Yacht Cruising In North Africa

Why go cruising in North Africa? If you own a yacht and are considering sailing in the Mediterranean, then why not cruise the North African coast? Yes, it has some challenges, but if you’ve cruised the Spanish coast and the Balearics, you will know that coast has its challenges too – for example finding a mooring inthe summer months. It is quite different in North Africa.

Along the African coast, prevailing winds in summer months are generally from the easterly quadrant, and in winter months usually from the west. The autumn is a particularly good time of year for cruising this coast, when the winds are turning to the west and the air is not as hot and humid as in the summer – there tends to be more breeze and less motoring if you are a sailor. The wind direction better suits an east-going route in this season.

Tangier is the first port of call as you enter the Straits of Gibraltar approaching the Pillars of Hercules. It is a tourist trap and finding a berth is not easy. About ten miles south of the Straits is the development of Marina Smir, Morocco. Part of a fading tourist centre, it has plenty of space (even square riggers) and a decent travelift and maintenance facilities. If you’ve never seen a camel in a marina, then you might see one here. Fuel is very cheap compared to the EU.

M’Diq, is about 5 miles along the coast, with a local market, butchers and fishmongers.Alcohol can be bought, but with difficulty. It is a male-orientated society and public ladies’ toilets can be hard to find.

There are several small harbours within a day’s sail of Smir, but Smir is a port of entry. Ceuta nearby, and Melilla (120 mls away) are enclaves under Spanish control and part of the EU.

The Moroccans are not very keen on your anchoring – you really should get permission first in port.

Next to Morocco, heading east, is Algeria. Few people cruise there as there are political problems and the coastline is strictly controlled. You could take a leg up from Smir to say, Almeria in Spain.Hopefully, the situation will improve in the near future as I’d love to cruise there. Whichever way you go, there will be plenty of shipping to keep you on your toes.

Tabarka is the first port after you have passed Algeria, just 8 miles over the Tunisian border. It has a magnificent Genoese fort guarding its approaches. The marina, adjacent to the town, is somewhat run down, but the people are very friendly. Now you meet the ‘bakhsheesh’ culture – basically a ‘present’ for services rendered. For example a policeman will ask quietly if you have ‘something to present to him’. Cheap whisky or cigarettes – they can all be given. Avoid giving cash if you can.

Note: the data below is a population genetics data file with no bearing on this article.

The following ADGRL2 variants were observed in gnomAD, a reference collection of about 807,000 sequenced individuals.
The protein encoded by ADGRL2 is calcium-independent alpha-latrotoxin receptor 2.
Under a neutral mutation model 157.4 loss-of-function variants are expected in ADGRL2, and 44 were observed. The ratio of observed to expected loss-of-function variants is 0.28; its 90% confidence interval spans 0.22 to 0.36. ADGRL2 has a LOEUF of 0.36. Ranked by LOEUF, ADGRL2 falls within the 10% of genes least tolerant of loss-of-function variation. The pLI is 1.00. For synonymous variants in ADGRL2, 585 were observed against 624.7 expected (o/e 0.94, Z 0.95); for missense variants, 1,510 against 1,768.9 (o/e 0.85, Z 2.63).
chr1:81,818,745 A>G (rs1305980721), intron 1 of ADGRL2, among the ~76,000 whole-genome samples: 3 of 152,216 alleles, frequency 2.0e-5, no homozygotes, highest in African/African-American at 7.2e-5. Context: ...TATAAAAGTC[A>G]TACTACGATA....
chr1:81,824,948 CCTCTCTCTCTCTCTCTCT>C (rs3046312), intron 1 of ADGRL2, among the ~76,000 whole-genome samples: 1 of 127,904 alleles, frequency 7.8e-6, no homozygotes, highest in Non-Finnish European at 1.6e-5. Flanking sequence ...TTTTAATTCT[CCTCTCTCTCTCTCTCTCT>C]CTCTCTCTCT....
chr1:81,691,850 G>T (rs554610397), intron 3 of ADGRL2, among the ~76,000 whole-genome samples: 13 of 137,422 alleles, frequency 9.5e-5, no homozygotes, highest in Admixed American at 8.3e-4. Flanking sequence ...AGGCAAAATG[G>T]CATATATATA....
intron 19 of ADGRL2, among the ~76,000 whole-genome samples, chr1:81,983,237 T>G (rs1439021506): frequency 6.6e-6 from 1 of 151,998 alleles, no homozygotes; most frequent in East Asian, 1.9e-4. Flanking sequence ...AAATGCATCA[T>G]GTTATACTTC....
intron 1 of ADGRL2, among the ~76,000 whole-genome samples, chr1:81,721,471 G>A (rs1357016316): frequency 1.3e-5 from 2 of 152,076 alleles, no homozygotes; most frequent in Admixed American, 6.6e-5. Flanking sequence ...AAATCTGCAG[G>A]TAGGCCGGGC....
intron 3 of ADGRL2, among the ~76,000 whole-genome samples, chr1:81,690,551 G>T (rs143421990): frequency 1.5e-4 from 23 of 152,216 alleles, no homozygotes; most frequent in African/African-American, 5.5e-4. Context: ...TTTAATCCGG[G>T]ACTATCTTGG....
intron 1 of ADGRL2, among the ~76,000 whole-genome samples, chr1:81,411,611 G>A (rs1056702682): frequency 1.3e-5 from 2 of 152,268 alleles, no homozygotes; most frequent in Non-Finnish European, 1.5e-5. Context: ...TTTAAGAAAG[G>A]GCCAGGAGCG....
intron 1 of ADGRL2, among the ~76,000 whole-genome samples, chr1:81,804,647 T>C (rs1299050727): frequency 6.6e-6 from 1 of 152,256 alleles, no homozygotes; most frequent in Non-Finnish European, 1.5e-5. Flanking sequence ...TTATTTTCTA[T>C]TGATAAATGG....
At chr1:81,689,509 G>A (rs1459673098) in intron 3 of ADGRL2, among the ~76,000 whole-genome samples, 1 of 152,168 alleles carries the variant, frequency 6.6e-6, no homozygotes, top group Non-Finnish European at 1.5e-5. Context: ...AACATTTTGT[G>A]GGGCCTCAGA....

Further along the coast from Tabarka, the marina at Bizerte has been closed for redevelopment, and should be open for the 2012 season, subject to the political issues. A friend visited in late2011, and told me that the baksheesh culture was still prevalent.

Next, Sidi Bou Said. It is close to Tunis, and the Presidential Palace is close by the marina. The ruins of Carthage are close by and well worth a visit – truly a great sense of history there. Tunis is only a short train ride away – a modern city but with lots of souks and a great sense of French colonial history.

This is not a ‘cheap’ marina, though costs in general along this coast are much less than in Italy . There are French-style supermarkets, and wine and beer can be bought.

Further south from the Gulf of Tunis are Monastir and Sfaxx. The Tunisians as did the Moroccans invested heavily in marinas, though some are not now quite as glossy as when new. Boatyard facilities are good and hauling out is much less expensive than in say Malta, so it is a good location to winter.Need a break from the sea? You can always take a trip into the Sahara on a camel!

I cruised this coast during my research for Cause of All Causes, Sicilian Channel and Sword of Allah. My research for these books also included Malta, Greece and Sicily – but that’s another story.

© 2011 James Marinero